The recent momentum generated by Indiana and New York’s approval of the Great Lakes St. Lawrence River Basin Water Resources Compact may not be enough to convince a few lawmakers in Ohio and Wisconsin to follow suit. Legislators in the two states, currently a battlefield for the democratic presidential nominating process, are also stymieing the compact over last minute legalistic arguments. At stake is the ability of the Great Lakes states to keep the water in the Great Lakes, as well as limit invasive species and ecological devastation.
“This is a shortsighted move that places the special interests of a few over the water security needs of more than 40 million people and the economic vitality of the region,” Molly Flanagan, the National Wildlife Federation’s Great Lakes water program manager told the Toledo Blade. “This amounts to a hijacking of the compact that jeopardizes the region’s ability to protect the Great Lakes.”
But some Ohio Senators feel that former Gov. Bob Taft, who led the four-year long Great Lakes governors’ compact negotiations, signed off on a flawed agreement, according to the Associated Press. They fear that by including tributaries and streams in the Great Lakes basin they are opening up their Northern border counties to Big Government. Their fears are unfounded and their solutions misguided. The Senators would like to change the wording of the compact in the Senate version before agreeing to it, but the Ohio House overwhelmingly (88-3) approved the original and formerly agreed to version of the Compact today as have half the state legislatures in the region.
Last week the Indiana House agreed with the Senate and passed the Compact that will prevent water from being diverted from the region and aid in efforts to stem pollution and invasive species. Now, Governor Mitch Daniels has ten days to sign the compact and Indiana will join Minnesota and Illinois whose lawmakers previously approved the agreement.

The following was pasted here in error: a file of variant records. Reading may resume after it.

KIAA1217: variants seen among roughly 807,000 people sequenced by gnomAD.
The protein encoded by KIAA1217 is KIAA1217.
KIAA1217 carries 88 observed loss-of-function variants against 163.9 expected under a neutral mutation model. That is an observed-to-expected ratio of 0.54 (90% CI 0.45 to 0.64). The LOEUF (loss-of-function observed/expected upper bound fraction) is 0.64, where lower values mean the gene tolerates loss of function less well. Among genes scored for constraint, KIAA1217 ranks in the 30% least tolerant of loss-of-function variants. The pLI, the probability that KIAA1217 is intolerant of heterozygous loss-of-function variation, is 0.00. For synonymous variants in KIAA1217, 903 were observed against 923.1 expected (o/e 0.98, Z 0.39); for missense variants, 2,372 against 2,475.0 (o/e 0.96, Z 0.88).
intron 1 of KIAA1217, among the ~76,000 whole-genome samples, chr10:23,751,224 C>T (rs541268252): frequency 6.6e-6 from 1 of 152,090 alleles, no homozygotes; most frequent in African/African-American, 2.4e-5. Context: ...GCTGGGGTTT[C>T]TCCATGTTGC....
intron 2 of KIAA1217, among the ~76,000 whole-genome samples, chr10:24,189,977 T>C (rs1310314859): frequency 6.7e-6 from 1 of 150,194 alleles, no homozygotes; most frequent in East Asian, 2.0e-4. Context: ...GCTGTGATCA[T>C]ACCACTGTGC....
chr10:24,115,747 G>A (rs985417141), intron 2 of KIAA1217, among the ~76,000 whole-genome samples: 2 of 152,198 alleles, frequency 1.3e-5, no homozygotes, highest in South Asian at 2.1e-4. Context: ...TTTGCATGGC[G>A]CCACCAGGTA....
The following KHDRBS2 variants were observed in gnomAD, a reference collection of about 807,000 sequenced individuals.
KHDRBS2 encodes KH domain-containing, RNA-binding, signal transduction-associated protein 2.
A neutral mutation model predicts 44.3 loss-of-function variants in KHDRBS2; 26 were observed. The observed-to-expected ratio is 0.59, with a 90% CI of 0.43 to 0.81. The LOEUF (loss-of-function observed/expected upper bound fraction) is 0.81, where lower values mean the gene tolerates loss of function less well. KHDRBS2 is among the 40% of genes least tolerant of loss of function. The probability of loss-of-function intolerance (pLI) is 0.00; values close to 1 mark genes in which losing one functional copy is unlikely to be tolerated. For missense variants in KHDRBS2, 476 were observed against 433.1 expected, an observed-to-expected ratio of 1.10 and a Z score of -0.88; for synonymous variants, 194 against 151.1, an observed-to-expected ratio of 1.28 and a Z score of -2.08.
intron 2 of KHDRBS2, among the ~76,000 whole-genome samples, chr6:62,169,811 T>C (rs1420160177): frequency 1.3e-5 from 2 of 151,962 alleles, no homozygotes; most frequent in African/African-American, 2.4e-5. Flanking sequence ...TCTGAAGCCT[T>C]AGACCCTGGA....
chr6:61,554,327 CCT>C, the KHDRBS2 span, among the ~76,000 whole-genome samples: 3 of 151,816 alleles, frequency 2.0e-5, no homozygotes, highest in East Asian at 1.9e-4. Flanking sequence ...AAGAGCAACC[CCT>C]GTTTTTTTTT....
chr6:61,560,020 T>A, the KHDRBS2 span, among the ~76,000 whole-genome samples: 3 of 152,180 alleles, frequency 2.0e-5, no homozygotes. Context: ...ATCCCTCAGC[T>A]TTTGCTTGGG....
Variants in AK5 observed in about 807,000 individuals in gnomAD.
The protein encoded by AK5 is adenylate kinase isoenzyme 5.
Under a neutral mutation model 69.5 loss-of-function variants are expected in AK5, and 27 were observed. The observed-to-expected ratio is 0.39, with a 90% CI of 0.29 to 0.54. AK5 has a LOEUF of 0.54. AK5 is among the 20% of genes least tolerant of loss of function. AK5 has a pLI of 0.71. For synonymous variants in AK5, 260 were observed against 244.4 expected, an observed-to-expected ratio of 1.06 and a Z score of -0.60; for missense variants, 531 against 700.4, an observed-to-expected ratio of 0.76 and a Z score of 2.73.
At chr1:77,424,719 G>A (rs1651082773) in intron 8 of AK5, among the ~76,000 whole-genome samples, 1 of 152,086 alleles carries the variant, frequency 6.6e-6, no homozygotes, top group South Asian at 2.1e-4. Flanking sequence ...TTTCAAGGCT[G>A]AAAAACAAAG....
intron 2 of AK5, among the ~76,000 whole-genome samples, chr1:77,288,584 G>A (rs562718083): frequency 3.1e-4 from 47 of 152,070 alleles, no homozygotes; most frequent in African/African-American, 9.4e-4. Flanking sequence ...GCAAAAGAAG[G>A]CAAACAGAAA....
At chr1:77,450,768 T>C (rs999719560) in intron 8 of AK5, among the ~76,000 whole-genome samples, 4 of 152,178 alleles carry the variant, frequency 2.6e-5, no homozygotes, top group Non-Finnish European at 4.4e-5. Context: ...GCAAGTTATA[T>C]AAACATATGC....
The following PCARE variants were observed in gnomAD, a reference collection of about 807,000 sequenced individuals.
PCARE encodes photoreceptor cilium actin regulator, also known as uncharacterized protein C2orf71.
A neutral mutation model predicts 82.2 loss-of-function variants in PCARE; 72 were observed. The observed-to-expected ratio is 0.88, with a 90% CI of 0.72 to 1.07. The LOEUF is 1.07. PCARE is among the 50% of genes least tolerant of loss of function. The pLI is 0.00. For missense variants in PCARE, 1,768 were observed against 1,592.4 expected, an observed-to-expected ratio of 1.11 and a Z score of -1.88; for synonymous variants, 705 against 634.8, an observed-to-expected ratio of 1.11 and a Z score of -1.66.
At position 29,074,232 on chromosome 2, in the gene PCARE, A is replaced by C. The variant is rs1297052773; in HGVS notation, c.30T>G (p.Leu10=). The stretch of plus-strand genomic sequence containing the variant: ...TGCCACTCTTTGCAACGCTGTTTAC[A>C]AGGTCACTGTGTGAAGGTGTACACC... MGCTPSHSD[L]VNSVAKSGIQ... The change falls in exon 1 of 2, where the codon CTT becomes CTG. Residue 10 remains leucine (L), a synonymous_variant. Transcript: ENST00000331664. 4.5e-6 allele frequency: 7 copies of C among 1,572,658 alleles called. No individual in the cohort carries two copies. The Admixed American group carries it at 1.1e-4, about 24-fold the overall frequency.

The week prior, the New York legislature also approved the Compact -one week after the state Senate- and it is now sitting on Governor Eliot Spitzer’s desk awaiting his signature. Once pen is put to paper, we are half-way to having the compact adopted by all eight states. Legislation is pending in Ohio, Indiana, Pennsylvania and Michigan. It is mind boggling that states are stalling on this – as it will give them the negotiating power they need to manage the Great Lakes and prevent outsiders from taking the water.
Once all eight states approve the Compact, Congress will have to ratify the decision and make it law. The right decision would send a powerful message to the leading candidates vying for Wisconsin and Ohio’s primary votes that this is an issue of utmost significance to each state’s lawmaking bodies and public.